ST + EHVAY

ST + LCOGI

ST + TZTYR

ST + JAOOL

ST + CBEID

ST + MOTSM

ST + AEUJE

ST + IQITO

ST + NIDOO

ST + VEXRO

ST + EASMD

ST + TRADO

ST + IROTA

ST + NDXAI

ST + ?AVIY

ST + OPYET

 

 

 

3 of these racks yield bonuses (these are a bit harder, so don’t worry if you can’t spot them), and two racks yielded one vowel or less. (10%)

 

 

 

What if STH or STL were retained ? Here we used the same 4 letter changes against both sets of unchanged tiles.

 

 

 

STL   or     STH

      + AECI

 

STL   or     STH

     + HZOM

 

STL   or     STH

     + OUCO

 

STL   or     STH

      + ?PGW

 

STL   or     STH

      + HOII

 

STL   or     STH

     + AECY

 

STL   or     STH

      + WDLE

 

STL   or     STH

     + RNCO

 

STL   or     STH

     + IGIS

 

STL   or     STH

      + SNEA

 

STL   or     STH

      + NELR

 

STL   or     STH

      + HXEU

 

STL   or     STH

      + AOID

 

STL   or     STH

     + CITT

 

STL   or     STH

     + WEAM

 

STL   or     STH

     + EEOG

 

STL   or     STH

     + HNIE

 

STL   or     STH

      + EEIX

 

STL   or     STH

      + IEAI

 

STL   or     STH

      + UBCF

 

 

 

 

4 of the STL racks will yield bonuses, 3 of the SHT racks yield bonuses. (Which can you spot?)

 

But, and here is the big difference between these racks and the other two changes, 7 racks have one vowel or less. Thus there is a 35% chance of have only one vowel (or less) next time. This is a considerable jump from the 10-15% on the other two changes we have analysed.

 

 

We did not consider changing 3 tiles. Such a change, is more likely than the 4 tile change to yield a consonant only rack next time, and should therefore be avoided.

 

  

 

In summary, if G K G H L T S was your opening rack, it is recommended that you change either six tiles (keeping S) or change 5 (keeping ST).  Both have a 15-20% chance of a bonus but more importantly a very high percentage of getting two or more vowels next time.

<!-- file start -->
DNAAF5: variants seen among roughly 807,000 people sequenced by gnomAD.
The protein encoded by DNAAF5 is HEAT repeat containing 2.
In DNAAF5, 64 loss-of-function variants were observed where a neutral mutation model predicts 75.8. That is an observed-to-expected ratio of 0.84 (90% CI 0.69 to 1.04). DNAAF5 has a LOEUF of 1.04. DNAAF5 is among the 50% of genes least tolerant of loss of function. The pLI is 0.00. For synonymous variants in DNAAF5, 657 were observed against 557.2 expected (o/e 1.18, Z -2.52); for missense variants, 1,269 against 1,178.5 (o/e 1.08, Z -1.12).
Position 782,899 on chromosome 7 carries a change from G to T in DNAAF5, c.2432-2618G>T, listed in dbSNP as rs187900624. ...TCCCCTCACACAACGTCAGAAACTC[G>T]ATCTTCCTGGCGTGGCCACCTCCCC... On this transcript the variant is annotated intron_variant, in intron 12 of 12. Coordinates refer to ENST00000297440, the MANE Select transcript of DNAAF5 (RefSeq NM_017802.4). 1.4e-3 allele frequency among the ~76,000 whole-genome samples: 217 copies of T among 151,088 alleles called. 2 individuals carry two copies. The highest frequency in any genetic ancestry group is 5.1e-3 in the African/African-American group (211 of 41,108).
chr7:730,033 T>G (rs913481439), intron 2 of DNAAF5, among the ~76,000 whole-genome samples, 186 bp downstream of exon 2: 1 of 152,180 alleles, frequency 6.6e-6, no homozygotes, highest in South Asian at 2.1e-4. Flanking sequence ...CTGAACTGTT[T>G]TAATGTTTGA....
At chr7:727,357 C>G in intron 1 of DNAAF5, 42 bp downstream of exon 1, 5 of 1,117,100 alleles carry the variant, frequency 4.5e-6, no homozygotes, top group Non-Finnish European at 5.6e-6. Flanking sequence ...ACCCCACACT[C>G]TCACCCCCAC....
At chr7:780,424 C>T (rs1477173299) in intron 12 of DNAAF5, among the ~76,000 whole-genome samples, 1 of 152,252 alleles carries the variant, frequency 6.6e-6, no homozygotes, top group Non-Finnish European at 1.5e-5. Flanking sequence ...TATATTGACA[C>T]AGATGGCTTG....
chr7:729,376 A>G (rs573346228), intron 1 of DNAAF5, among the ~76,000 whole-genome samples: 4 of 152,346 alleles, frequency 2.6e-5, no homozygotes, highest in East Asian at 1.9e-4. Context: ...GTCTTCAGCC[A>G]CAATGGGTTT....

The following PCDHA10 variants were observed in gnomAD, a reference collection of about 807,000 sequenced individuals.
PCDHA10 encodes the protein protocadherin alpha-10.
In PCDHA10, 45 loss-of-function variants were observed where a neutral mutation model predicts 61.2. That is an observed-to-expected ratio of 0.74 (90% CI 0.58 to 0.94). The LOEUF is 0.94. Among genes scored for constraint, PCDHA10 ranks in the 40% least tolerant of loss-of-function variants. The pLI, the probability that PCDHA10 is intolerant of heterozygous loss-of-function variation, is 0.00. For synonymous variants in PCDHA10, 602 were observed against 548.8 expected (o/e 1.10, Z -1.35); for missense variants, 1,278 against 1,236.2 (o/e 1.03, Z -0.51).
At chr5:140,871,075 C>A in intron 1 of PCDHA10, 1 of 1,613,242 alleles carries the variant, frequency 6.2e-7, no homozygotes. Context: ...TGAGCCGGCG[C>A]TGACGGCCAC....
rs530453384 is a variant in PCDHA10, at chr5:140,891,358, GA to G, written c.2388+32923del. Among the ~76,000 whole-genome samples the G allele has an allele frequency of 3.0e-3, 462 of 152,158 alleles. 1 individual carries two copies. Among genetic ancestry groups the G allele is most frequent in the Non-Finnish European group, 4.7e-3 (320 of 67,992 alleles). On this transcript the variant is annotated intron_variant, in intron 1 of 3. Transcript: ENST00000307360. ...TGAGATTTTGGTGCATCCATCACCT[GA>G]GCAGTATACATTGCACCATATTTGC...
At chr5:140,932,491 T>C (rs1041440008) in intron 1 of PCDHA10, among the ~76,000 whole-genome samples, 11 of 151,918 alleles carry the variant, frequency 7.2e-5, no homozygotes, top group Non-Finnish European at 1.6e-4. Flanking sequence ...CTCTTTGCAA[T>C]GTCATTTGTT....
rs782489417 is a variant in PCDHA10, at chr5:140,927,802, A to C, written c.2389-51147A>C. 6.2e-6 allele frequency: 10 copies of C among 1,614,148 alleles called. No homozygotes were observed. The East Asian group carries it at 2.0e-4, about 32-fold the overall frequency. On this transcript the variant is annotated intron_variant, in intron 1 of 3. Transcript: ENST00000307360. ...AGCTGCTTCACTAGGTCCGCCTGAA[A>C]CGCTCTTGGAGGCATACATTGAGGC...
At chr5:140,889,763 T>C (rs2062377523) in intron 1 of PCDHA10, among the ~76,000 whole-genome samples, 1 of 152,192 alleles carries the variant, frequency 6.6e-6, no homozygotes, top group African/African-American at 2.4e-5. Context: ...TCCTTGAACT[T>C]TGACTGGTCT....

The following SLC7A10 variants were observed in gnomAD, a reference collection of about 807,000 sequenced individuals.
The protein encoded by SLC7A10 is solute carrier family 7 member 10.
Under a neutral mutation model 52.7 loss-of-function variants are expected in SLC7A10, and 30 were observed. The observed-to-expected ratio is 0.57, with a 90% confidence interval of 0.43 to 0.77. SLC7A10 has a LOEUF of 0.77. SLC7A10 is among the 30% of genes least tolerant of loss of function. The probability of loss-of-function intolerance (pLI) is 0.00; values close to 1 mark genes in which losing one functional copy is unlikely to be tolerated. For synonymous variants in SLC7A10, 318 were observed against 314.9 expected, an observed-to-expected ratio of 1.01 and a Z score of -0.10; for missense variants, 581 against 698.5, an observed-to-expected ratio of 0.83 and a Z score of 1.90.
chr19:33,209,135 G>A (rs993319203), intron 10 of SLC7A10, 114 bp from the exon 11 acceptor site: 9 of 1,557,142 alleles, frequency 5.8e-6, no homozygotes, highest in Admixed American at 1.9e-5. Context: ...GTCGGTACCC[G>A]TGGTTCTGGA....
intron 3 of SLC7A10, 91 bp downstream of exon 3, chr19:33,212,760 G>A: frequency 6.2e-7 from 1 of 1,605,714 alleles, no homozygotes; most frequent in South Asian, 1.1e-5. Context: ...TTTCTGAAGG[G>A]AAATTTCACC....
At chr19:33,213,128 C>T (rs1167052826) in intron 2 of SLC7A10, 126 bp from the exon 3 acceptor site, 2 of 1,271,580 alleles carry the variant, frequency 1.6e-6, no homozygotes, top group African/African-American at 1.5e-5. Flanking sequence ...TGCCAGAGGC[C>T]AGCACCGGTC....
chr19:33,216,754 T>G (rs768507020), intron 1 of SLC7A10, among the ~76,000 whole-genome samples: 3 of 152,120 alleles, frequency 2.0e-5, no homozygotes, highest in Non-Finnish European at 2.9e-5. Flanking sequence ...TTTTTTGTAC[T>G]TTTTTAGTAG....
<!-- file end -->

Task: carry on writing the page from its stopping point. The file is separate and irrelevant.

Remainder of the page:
Please note – the sample size in each case was only 20 racks. Statisticians will argue (correctly)  a larger sample size is required, but hopefully the sample size of 20 is sufficient to prove worthwhile.

 

 

 

Bonuses :

 

S only keep : REVERSO,  ETOILES/ESTOILE, ENJOINS/PENSION/TENSION/VENISON + 16 others, SPATTER/PATTERS/TAPSTER

 

ST keep : ISODONT, DEMASTS, VARSITY/SUAVITY/VASTITY

 

STL keep : LACIEST/ELASTIC + 3 others, ACETYLS/SCYTALE, SEXTILE, LAITIES

 

STH keep: TOADISH, ACHIEST/AITCHES, HASTENS/SNATHES/SNEATHS

 

 

 

 

 

Although the point value of S is one, and the value of  a blank is nothing, it well worth considering their worth to your rack and in particular their usefulness in generating a large move score.

 

Many top players will rarely use an 'S' for less than 30 points during the first half of the game.

Many top players will rarely use a blank for less than 50 points during the first half of the game.

 

In all likelihood both will form the basis of a bonus word (ie 70+ points).

 

There are exceptions : perhaps you are holding 3 esses, or maybe a rack with no vowels, or there is a high scoring opportunity that needs to be blocked before your opponent uses it. In  general (and probably 80% of the time) the 30/50 values should be considered.

 

As the game progresses the point worth will diminish as the board becomes more blocked, and letters are used up. However, the value of 'the last' S or blank is a useful weapon, so may be worth retaining for the end-game.